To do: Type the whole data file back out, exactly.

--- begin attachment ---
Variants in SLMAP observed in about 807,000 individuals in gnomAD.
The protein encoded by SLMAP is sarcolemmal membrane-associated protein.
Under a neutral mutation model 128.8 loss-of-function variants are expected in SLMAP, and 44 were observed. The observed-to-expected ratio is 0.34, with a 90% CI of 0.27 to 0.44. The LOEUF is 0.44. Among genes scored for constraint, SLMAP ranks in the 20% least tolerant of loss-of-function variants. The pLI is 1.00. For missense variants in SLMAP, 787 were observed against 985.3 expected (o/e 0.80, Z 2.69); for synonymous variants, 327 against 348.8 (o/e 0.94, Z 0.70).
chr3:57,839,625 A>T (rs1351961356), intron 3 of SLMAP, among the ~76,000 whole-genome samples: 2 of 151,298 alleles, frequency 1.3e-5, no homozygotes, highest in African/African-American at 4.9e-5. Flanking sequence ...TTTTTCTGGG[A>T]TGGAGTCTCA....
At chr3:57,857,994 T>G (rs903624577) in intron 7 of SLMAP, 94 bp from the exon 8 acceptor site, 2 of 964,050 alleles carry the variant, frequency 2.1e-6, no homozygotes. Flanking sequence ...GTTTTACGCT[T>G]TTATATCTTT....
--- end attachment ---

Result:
Variants in SLMAP observed in about 807,000 individuals in gnomAD.
The protein encoded by SLMAP is sarcolemmal membrane-associated protein.
Under a neutral mutation model 128.8 loss-of-function variants are expected in SLMAP, and 44 were observed. The observed-to-expected ratio is 0.34, with a 90% CI of 0.27 to 0.44. The LOEUF is 0.44. Among genes scored for constraint, SLMAP ranks in the 20% least tolerant of loss-of-function variants. The pLI is 1.00. For missense variants in SLMAP, 787 were observed against 985.3 expected (o/e 0.80, Z 2.69); for synonymous variants, 327 against 348.8 (o/e 0.94, Z 0.70).
chr3:57,839,625 A>T (rs1351961356), intron 3 of SLMAP, among the ~76,000 whole-genome samples: 2 of 151,298 alleles, frequency 1.3e-5, no homozygotes, highest in African/African-American at 4.9e-5. Flanking sequence ...TTTTTCTGGG[A>T]TGGAGTCTCA....
At chr3:57,857,994 T>G (rs903624577) in intron 7 of SLMAP, 94 bp from the exon 8 acceptor site, 2 of 964,050 alleles carry the variant, frequency 2.1e-6, no homozygotes. Flanking sequence ...GTTTTACGCT[T>G]TTATATCTTT....